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Ambassador Bill Taylor Brings New Bombshell into Impeachment Hearing; Ceasefire on Hold Between Gaza and Islamic Jihad; Venice, Italy Inundated with Record-Breaking Floods. Aired 2-3a ET

Aired November 14, 2019 - 02:00   ET




ROSEMARY CHURCH, CNN ANCHOR (voice-over): Hello and welcome to the viewers joining us from around the world. I'm Rosemary Church.

Coming up on CNN NEWSROOM, a major revelation in the first day of public impeachment hearings. President Trump himself overheard talking about the investigations and Ukraine.

In Gaza, a cease-fire seem to be in place after two days of cross border fighting. A live update on how it's holding up so far.

And a swimming in St. Mark's Square, a novel experience, but the flooding in Venice is anything but fun and games.


CHURCH: Good to have you with us.

On day one of public testimony in the U.S. impeachment inquiry, two career diplomats stood firm in their descriptions of an alarming turn in U.S. policy towards Ukraine and Republicans made their defend strategy clear: attack the testimony as secondhand and suggest the witnesses have a political agenda against president Donald Trump.

Sara Murray reports the hearing began with a startling revelation.


REP. ADAM SCHIFF (D-CA): In the impeachment inquiry into Donald J. Trump, the 45th President of the United States.

SARA MURRAY, CNN NATIONAL POLITICAL CORRESPONDENT (voice-over): In the first public impeachment hearing, the top U.S. diplomat in Ukraine delivered a bombshell. New details about President Trump's added push for Ukraine to open investigations that could boost his reelection effort.

Bill Taylor recounted a conversation between Trump and U.S. ambassador to the European Union Gordon Sondland on July 26th, a day after Trump spoke by phone to Ukrainian President Zelensky and pressed the Ukrainians to investigate the Biden family and the 2016 election.

WILLIAM TAYLOR, TOP U.S. DIPLOMAT IN UKRAINE: The member of my staff could hear President Trump on the phone asking Ambassador Sondland about the investigations. Mr. Sondland told President Trump that the Ukrainians were ready to move forward.

Following the call with President Trump the member of my staff asked Ambassador Sondland what President Trump thought about Ukraine. Ambassador Sondland responded that President Trump cares more about the investigations of Biden, which Giuliani was pressing for.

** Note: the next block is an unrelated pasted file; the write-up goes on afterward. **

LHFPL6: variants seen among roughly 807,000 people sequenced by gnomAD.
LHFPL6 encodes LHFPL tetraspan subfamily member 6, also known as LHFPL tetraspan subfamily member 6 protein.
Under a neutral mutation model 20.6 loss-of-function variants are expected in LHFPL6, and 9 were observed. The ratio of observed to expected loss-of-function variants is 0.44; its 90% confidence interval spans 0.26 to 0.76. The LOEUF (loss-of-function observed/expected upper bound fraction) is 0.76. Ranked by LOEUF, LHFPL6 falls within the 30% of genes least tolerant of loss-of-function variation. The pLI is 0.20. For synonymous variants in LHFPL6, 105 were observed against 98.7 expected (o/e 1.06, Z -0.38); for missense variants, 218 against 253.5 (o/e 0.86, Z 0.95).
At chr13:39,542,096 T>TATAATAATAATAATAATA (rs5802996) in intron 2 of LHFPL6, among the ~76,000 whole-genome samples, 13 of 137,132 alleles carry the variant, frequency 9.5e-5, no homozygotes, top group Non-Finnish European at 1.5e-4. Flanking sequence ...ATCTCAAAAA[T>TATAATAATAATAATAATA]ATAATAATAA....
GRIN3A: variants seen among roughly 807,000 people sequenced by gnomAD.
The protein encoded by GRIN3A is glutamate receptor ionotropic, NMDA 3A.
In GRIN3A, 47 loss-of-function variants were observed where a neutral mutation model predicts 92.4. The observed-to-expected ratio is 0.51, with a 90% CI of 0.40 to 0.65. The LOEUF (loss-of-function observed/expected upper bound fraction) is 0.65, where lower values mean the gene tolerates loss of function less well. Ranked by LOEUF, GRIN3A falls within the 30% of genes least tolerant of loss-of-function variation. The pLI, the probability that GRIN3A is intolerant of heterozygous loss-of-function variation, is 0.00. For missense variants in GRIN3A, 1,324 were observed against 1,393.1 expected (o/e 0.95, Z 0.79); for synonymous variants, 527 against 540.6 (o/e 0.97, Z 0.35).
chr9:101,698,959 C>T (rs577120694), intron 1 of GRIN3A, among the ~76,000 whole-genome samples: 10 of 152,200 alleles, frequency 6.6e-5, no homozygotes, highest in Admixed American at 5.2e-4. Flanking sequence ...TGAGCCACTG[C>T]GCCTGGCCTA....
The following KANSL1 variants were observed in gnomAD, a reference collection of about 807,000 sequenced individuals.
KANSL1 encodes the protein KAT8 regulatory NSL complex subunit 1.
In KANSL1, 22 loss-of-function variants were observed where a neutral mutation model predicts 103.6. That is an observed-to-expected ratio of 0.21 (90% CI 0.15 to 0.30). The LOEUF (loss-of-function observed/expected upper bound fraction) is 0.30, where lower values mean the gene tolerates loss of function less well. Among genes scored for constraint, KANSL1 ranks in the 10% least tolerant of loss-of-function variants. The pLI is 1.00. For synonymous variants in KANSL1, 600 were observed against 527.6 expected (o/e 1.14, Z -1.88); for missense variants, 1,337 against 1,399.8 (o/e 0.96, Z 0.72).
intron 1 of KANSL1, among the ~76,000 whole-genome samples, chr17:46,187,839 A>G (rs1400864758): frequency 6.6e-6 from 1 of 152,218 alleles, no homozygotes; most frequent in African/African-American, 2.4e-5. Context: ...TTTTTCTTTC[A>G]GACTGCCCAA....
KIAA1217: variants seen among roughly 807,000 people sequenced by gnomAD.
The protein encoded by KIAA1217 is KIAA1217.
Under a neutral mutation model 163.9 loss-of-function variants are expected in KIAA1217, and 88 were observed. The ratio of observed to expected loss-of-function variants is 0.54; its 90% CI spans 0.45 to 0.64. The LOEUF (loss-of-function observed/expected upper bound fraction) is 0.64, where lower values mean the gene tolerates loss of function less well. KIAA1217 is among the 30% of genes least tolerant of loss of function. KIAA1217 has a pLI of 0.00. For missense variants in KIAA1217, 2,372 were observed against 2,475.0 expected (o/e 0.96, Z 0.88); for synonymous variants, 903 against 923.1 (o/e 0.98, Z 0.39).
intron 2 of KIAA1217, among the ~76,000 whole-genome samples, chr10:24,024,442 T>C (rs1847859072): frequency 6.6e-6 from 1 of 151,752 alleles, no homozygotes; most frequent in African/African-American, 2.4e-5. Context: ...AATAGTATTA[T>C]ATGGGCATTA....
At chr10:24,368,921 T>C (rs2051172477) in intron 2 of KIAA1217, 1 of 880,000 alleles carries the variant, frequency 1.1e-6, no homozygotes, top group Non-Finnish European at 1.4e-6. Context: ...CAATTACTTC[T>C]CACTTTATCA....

MURRAY: At the time Trump had already frozen military aid to Ukraine. Diplomats were panicking about the national security ramifications of with holding the funds. And Ukrainian soldiers were dying on the front lines in their battles with Russia.

But according to today's testimony, Trump was primarily concerned about his own political prospects. In his testimony Taylor recalled first learning in July that money for Ukraine had been frozen.

TAYLOR: I and others sat in astonishment.

MURRAY: And later realizing not only a White House meeting but the military aid was contingent on Ukraine carrying out the political investigations Trump was demanding.

TAYLOR: Ambassador Sondland said everything was dependent on such an announcement including security assistance. He said that President Trump wanted President Zelensky in a public box by making a public statement about ordering such investigations.

MURRAY: He expressed alarm that Ukraine might publicly announce those investigations and the U.S. still might not come through with the funds.

TAYLOR: My nightmare is they, the Ukrainians, give the interview and don't get the security assistance. The Russians love it. And I quit. And I was serious.

MURRAY: As the funding freeze continued, Taylor raised concerns again early September.

TAYLOR: Ambassador Sondland tried to explain to me that President Trump is a business man. When a business man is about to sign a check to someone who owes him something, the business man asked that person to pay up before signing the check.

Ukrainians did not owe President Trump anything and holding up security assistance for domestic political gain was crazy --

MURRAY: The hearing featuring Taylor and top State Department

official George Kent was led by questions from lawmakers but also by the chief counsel for the Democratic majority and the Republican minority. It was also peppered with partisan squabbling.

SCHIFF: I'll allow the question but are you asking --

STEVE CASTOR, REPUBLICAN COUNSELOR: Parliamentary inquiry, are you seriously interrupting our time here?

SCHIFF: I'll allow this question, I won't dock this from the time.

MURRAY: While Democrats focus on the president's allegedly corrupt motives for withholding aid to Ukraine and the role Rudy Giuliani played as a shadow diplomat.

REP. TERRI SEWELL, (D-AL): Was it normal to have a person who is a private citizen take an active role in foreign diplomacy?

GEORGE KENT, DEPUTY ASSISTANT SECRETARY FOR EUROPEAN AND EURASIAN: I didn't find his particular engagement normal. No.

MURRAY: The GOP focus less on the president's conduct and more on the conduct of former Vice President Joe Biden and his son Hunter Biden who served on the board of Burisma, a Ukrainian energy company.